The operation of a pneumatic unloading system is based on an airtight closed loop interaction between multiple components like, valves, instrumentation, PLC, compressors and possible vacuum pumps. It is of vital importance that all of these are working without any delay, incident, resistance or leakage for gaining an optimal balance between energy consumption and convey capacity.
Once a pneumatic convey system is delivered and commissioned all components are new and interacting as designed whereas the maximum performance is still achieved. However, over age and running hours, at least the components that are in direct contact with the conveyed bulk material are met normal wear and tear. Meaning that the convey performance is negatively influenced by the condition of these components which therefore need to be checked on a regular basis for maintaining a good and optimum condition of the system.
Such inspection can easily be done by the operating crew, we have made a common checklist which might be handful for your crew to start 2018 with a good working system. Note that some items mentioned below might not be applicable for your system as there are a variety of component designs/layout for pneumatic conveying.
Step 01 (basic visual inspection without running the system)
- For enable to visual see any short comes, leakages or damages make sure that the convey system and her components are clean and dust free
- Multiple components are operated by either pneumatic air or electricity, make sure that pneumatic hoses and electrical wires are not leaking or damaged
- For running components like diesel engines, compressors, blowers and vacuum pumps check the condition of the oil and filters. Follow the maintenance guidance schedule for replacing the oil with the recommended type and volumes.
- Drain any water separators according the maintenance guidance
- Inspect the fabric on the air slides, tank bottoms and vessel floor on damages or leakages
- Inspect air filters inside re-loader tanks/kettles
- Mechanical safety devises like pressure relieve valves can be in most cases manual operated by a lever for confirming the working. As these devises only come into action during problems, which with a healthy system would be very rare and might be stuck when needed due to build-up of debris, dust or rust.
- Start-up the PLC and HMI for witnessing any actual alarms or indications. Troubleshoot on the faults and review the alarm history for being aware what were the common frequent attentions needed previously. Clear the alarm log and make sure no alarms are active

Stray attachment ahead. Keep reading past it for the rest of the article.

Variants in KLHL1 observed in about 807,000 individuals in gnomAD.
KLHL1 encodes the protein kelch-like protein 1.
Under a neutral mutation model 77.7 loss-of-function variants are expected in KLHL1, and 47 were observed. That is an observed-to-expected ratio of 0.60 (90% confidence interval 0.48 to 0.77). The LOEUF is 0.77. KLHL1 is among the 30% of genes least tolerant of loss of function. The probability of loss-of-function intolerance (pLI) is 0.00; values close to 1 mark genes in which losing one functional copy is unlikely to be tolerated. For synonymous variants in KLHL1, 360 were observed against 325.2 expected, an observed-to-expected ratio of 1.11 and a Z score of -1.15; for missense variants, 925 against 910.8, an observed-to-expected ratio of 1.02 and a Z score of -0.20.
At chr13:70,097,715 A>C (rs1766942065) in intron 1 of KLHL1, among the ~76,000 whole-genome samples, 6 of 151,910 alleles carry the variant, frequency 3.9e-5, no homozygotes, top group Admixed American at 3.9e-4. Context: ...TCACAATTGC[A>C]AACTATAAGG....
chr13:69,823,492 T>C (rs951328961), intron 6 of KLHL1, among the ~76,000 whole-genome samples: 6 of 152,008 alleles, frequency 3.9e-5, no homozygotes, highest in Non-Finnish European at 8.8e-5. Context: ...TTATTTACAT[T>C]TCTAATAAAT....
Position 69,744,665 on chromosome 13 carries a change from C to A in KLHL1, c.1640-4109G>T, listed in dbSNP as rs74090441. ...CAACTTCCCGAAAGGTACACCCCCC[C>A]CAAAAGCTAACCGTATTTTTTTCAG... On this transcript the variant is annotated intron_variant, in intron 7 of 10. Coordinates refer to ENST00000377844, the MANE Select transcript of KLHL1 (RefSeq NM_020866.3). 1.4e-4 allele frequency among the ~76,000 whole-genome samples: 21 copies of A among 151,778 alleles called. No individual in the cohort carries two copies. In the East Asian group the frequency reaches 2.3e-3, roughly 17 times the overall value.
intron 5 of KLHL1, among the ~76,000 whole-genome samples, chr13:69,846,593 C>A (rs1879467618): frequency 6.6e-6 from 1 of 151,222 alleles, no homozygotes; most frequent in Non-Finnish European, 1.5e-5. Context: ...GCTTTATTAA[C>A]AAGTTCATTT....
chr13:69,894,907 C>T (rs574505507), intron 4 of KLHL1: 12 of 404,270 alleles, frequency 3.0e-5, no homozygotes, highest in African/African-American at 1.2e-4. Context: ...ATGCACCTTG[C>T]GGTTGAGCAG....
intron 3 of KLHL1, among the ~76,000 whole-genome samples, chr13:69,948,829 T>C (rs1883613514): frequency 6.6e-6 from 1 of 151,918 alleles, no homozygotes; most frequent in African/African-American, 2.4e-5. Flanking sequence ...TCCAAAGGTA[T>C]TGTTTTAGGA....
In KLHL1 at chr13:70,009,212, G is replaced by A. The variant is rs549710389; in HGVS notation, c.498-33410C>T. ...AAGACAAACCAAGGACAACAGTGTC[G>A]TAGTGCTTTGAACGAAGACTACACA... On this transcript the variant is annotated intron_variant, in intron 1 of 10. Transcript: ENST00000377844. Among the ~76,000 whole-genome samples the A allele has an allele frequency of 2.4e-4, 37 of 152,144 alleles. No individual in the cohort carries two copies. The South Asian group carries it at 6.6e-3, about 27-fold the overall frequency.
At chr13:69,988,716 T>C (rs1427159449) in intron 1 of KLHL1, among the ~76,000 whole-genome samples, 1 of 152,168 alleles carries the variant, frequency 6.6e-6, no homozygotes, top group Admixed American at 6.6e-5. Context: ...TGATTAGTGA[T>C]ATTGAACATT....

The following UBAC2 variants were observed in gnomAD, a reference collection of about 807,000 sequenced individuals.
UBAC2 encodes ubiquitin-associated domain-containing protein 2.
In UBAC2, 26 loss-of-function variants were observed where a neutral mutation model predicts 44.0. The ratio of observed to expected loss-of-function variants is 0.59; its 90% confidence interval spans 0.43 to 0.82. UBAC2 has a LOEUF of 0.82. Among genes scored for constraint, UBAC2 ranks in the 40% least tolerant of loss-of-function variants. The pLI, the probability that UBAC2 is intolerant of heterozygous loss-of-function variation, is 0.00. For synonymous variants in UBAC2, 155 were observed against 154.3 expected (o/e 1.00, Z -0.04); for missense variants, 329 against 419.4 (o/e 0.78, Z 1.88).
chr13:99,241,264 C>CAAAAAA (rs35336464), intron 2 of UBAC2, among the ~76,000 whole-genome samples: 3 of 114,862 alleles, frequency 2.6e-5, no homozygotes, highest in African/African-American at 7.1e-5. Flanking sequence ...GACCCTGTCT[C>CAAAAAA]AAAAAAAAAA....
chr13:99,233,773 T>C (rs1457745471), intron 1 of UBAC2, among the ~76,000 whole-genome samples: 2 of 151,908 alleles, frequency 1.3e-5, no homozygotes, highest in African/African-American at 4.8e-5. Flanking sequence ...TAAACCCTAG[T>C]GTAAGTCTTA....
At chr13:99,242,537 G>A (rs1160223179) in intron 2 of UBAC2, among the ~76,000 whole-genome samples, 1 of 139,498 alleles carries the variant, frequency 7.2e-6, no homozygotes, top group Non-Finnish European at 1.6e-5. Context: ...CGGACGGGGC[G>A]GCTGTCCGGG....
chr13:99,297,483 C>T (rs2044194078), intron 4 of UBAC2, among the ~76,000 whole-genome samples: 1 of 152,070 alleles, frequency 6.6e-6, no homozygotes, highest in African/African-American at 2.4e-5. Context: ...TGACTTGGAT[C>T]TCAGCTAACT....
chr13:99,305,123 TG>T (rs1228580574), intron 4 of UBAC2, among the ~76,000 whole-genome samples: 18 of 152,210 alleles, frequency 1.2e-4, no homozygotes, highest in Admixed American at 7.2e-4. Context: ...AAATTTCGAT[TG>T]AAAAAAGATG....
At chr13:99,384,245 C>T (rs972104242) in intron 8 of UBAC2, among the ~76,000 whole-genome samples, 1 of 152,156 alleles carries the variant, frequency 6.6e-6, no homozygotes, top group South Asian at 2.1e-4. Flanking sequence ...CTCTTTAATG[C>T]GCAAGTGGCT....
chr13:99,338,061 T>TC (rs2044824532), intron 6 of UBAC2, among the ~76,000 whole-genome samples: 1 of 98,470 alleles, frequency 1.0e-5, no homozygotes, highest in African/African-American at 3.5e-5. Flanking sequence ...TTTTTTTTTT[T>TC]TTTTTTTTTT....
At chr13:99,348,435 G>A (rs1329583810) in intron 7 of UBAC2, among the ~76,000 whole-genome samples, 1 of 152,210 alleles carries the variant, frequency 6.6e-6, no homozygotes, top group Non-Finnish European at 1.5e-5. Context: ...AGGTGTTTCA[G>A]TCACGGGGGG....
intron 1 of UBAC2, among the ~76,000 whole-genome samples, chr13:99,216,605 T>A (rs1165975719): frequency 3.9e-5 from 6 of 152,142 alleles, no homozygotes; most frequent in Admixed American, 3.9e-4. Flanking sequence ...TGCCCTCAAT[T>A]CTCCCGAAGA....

Step 02 (operational inspection without conveying material)
- Many instrumentation and position indicators are providing the necessary information to the PLC, test each individual by manual override for making sure that the signal is received by the PLC and shown on the HMI at the correct location in the process or mentioned by name
- Same goes for the signals from the PLC to the field equipment, are these still send and received at the correct component?
- As all digital signals from and to the PLC are checked and confirmed, we can operate each individual valve, cleaning system, motor, fan, blower, compressor, vacuum pump, etc. for witnessing a problem free operation and indication
- For the manual operated components like manual valves, gears, manipulator arm, hoists, etc. operate each single item for a correct working
- Shut down all running equipment for witnessing any oil/water spill, leakages or dust after this maintenance and test-run
- After no indications of any problems or faulty indications on the HMI, we can perform a “leak-test” for making sure that all related valves to the tanks/kettles are no leaking “false” air. This can be done manual or by the PLC after running the compressor(s) and start discharge operation cycle. Let the pressure reach approximately 1 bar in a particular tank/kettle and push for the stop command or close the pressurization valve manual. Now the pressure is “locked” inside the tank/kettle and may be witnessed by the HMI or pressure gauge. As there is continuously some minor internal leakage an acceptable indication that the valves are still in good shape, a pressure drop of 100 mbar per every 10 minutes is within margins. Less pressure drop is even better.
Step 03 (basic visual inspection with running the system with material)
- Continue operation now with material for a 1x full cycle through each tank/kettle/air slide and shut down afterwards for witnessing on leakages as multiple inspection covers have been opened and closed
- Check-up on oil filled components for leakages as the temperature in these components are rising
- Continue operation for 1 hour and shut down for a full visual inspection on oil, water and dust leakages
- Continue operation as normal
By executing the above steps, we have brought back the system in good and reliable running condition as it was delivered. In case the performance is lower and/or energy consumption is higher than as it was new, there are a variety of external factors that will influence this, such as: convey pipeline routing, clog up of fabric or air filters, pressure settings in the PLC, convey material specifications, temperature and moisture ambient conditions, operator skills, etc.
If you run into these limitations and would prefer to get some help, guidance, inspection, tuning & tweaking or training, feel free to contact us for support. Lion Bulk Handling offers multiple service packages for all bulk handling applications. Contact our service department for maintenance and operation advise for your application and/or book your free inspections.